Prosecution of tax offenders doubles in first three years of Modi govt
Vowing to continue the crackdown on black money, Prime Minister Narendra Modi said Rs 1.75 lakh crore deposits in banks post demonetisation as well as 18 lakh people with income beyond known means are under scrutiny.Updated: Aug 16, 2017 00:01 IST
Prosecution of tax cheats more than doubled in the three years since Prime Minister Narendra Modi took over, and more and more suspected evaders are paying up instead of resorting to long-drawn court battles, official figures show.
The numbers reflect the government’s focus on fighting corruption, a pledge Modi renewed in his Independence Day speech on Tuesday, saying the days of looting the country were over and that “black money” hoarders had nowhere to hide now.
In a country where prosecution of tax crimes is low and conviction rare, the number of cases filed against tax cheats stood at 2,473 between 2014-15 and 2016-17, up from 1,133 cases filed during the three years before that.
During the same period, more people agreed to pay and settle their tax disputes with the government – a process called “compounding”. While 1,163 cases were settled in the three years since 2011-12, the number almost trebled to 3,127 between 2013-14 and 2016-17, figures from the Central Board of Direct Taxes (CBDT) show.
Tax receipts from the compounding cases of the past three years were still being computed but initial calculations indicated a possible windfall of more than Rs 37,000 crore, a CBDT official told Hindustan Times.
Much of this was because of the Modi government’s drive against tax cheats that included a shock decision to scrap 500-and 1000-rupee notes and a new law to unearth unaccounted for cash stashed abroad.
To be sure, work on tightening the screws on tax evaders had begun during the Congress-led United Progressive Alliance government itself. The trigger was a list of Swiss bank account holders shared by France in 2011, the same year anti-corruption activist Anna Hazare went on a fast and sparked nationwide protests against graft.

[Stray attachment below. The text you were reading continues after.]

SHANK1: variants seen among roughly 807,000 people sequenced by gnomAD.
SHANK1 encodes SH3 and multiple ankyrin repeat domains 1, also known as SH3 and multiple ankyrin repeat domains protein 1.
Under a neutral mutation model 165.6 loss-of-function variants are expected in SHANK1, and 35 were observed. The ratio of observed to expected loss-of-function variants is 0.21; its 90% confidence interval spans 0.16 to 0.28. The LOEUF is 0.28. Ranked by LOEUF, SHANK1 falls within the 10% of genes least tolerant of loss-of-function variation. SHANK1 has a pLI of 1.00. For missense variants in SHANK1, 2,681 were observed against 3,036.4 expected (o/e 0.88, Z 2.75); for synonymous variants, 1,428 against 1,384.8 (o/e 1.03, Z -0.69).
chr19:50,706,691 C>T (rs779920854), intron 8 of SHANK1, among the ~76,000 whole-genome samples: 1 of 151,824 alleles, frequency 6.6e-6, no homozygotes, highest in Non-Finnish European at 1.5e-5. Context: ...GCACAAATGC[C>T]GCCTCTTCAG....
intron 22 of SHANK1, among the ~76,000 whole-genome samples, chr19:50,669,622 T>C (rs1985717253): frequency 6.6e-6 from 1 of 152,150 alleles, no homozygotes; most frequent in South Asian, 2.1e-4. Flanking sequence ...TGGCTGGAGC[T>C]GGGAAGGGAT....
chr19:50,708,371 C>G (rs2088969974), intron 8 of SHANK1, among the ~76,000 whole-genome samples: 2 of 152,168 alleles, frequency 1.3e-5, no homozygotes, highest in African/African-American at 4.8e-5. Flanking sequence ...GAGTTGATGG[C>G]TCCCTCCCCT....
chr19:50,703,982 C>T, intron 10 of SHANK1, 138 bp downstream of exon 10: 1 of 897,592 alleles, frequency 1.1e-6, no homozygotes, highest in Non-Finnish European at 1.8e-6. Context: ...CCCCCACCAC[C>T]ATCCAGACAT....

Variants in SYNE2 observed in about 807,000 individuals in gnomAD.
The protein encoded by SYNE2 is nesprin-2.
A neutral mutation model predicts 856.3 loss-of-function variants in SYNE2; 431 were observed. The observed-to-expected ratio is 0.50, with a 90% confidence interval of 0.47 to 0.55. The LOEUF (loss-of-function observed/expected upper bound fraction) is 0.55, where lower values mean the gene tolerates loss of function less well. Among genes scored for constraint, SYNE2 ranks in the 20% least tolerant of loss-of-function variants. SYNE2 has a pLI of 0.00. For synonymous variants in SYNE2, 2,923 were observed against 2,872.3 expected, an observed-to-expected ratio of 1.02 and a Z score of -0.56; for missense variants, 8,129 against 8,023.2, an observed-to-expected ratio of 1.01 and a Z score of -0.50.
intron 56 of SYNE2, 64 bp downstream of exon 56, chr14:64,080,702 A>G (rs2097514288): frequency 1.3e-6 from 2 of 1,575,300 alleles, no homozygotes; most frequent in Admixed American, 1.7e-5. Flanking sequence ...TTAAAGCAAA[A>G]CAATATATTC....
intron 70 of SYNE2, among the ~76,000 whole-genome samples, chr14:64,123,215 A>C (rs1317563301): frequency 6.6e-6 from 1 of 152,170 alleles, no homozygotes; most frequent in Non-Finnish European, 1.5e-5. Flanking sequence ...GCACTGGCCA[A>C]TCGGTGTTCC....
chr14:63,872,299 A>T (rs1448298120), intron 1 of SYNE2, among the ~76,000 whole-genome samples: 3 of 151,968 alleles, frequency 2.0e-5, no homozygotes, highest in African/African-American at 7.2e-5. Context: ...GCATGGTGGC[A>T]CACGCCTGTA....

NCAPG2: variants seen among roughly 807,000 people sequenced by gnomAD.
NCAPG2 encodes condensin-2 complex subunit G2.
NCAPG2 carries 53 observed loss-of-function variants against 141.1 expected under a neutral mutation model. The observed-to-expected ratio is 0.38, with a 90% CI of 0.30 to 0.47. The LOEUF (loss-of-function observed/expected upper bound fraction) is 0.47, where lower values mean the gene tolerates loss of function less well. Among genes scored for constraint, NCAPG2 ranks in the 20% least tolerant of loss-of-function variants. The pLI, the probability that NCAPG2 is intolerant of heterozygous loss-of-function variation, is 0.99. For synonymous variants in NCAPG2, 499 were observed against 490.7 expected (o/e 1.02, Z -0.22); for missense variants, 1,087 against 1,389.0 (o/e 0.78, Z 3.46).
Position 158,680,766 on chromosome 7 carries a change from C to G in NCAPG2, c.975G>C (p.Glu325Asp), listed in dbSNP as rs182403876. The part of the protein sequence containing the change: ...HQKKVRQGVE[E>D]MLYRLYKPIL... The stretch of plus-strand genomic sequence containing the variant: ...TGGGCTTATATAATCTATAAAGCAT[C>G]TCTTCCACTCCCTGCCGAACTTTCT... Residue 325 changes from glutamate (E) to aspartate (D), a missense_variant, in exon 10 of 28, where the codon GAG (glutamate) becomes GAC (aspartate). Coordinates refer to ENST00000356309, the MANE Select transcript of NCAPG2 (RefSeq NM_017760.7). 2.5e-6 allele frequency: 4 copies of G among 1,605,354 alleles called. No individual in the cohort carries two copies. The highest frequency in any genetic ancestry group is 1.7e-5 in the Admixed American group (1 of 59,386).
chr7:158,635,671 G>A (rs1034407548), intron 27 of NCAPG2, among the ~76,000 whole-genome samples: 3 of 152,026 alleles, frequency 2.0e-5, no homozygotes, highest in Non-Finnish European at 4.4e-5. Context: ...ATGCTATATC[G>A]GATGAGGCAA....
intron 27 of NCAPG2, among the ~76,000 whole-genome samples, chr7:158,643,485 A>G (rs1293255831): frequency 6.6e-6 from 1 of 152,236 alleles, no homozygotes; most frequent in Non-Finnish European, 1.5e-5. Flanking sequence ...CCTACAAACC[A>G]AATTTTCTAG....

“The HSBC list of Swiss accounts held by Indians came in 2011 and the tax department began probing, which led to a spike in raids and prosecution in 2013-14,” said MM Joshi, a former CBDT chief.
Thereafter, Modi rode to power, making fighting corruption an election pledge. One of his first moves was to implement a Supreme Court order on setting up a special investigation team (SIT) on black money.
“There has been a shift in philosophy in deterring black money and the data for the past three years shows the results,” said an official in the finance ministry on condition of anonymity because he was not authorised to speak to journalists.
In 2016, the government brought in two income disclosure schemes that gave tax evaders a final chance to come clean or face 85% in penalty and jail in a country where just 3% of the working population pays tax.
On Tuesday, a large part of Modi’s speech dealt with his government’s efforts to end corruption and bureaucratic lethargy and cut red tape.
He said the withdrawal of large currency notes had hauled around Rs3-lakh crore of illegal money into the formal banking system.
More than 300,000 “shell companies” funded by undeclared finance had also been uncovered through irregular transactions, he said, adding the licences of some 175,000 of the firms were cancelled.
Modi said 1.8 million people had been found whose wealth outstripped their income. Of these, 450,000 had admitted their “mistakes”.
“India is celebrating honesty today,” Modi said.
“The corrupt have no place to hide anymore.”
First Published: Aug 15, 2017 18:47 IST